Narrator: This is Science Today. If soldiers wore military helmets that were one size larger and had thicker padding, it could reduce the severity of traumatic brain injury in the event of a blunt or ballistic impact. Michael King, a mechanical engineer at the Lawrence Livermore National Laboratory teamed up with physicist Willy Moss to conduct computational simulations and experiments to test the effectiveness of various military and football helmet pads.
King: You can map out the force compression or the stress-strain response of the foam and you can use that information to then feed the simulations, so that when you simulate what happens to the foam in an impact, the computer tells you the correct thing.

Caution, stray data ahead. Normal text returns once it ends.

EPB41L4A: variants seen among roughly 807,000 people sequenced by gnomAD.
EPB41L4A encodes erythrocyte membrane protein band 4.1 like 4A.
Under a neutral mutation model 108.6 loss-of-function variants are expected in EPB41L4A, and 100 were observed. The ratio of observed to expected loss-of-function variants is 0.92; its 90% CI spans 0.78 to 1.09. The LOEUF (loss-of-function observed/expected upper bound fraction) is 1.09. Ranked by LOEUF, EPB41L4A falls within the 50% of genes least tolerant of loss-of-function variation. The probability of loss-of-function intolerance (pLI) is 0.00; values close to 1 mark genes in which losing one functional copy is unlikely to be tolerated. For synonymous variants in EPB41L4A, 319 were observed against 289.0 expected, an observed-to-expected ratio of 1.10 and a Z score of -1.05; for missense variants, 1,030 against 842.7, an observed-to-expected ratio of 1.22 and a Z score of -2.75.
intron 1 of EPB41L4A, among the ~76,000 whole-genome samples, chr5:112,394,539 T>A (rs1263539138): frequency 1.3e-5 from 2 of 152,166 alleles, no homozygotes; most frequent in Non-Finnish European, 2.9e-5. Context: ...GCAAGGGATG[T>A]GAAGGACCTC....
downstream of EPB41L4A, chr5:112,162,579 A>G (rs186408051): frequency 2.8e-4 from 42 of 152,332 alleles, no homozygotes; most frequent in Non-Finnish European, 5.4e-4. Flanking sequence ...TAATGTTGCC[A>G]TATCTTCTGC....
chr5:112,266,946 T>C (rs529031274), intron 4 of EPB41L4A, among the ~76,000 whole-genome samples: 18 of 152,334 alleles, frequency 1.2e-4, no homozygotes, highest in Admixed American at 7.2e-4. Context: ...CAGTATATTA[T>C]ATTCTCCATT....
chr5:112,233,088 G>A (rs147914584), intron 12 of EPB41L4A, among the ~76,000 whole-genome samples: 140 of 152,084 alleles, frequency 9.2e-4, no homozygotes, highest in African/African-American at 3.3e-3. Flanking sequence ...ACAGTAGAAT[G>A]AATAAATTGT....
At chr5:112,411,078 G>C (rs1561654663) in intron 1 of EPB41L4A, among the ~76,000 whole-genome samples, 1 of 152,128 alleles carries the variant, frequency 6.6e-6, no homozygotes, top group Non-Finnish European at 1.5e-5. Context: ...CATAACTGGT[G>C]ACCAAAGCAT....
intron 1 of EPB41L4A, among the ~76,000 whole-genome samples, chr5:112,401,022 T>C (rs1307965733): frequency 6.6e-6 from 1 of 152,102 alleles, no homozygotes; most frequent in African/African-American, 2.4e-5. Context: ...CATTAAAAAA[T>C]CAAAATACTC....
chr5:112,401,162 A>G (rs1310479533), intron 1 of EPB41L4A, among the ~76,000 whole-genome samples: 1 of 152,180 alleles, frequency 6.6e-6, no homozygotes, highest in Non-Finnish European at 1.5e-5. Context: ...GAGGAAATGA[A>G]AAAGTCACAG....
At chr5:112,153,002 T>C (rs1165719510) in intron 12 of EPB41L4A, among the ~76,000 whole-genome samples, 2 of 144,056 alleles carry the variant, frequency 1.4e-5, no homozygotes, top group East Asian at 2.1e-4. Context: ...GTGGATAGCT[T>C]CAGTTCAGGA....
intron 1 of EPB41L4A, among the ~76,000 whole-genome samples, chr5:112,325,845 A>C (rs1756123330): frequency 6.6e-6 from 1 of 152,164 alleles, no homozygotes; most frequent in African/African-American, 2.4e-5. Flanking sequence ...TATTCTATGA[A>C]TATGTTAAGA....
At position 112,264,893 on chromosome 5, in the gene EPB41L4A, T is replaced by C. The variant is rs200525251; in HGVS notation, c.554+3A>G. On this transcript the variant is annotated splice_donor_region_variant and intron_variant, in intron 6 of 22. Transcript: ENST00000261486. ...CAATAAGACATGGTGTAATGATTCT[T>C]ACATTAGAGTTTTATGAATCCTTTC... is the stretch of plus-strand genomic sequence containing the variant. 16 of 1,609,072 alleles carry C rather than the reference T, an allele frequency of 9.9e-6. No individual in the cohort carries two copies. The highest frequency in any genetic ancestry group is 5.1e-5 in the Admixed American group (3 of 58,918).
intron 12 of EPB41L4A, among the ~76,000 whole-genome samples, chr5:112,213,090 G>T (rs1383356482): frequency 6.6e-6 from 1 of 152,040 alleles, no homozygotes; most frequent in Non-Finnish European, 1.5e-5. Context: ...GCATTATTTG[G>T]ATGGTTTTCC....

Narrator: Using a compression test machine, they found that different types of impacts require different types of foam, and in the case of the military, the foams currently used are the best that they've seen...
King: However, regardless of the type of foam, a thick pad always helped more and so if you were to take a current U.S. Army foam pad and make it just a little bit thicker, you can have a dramatic improvement in protection against impacts and concussion.
Narrator: For Science Today, I'm Larissa Branin.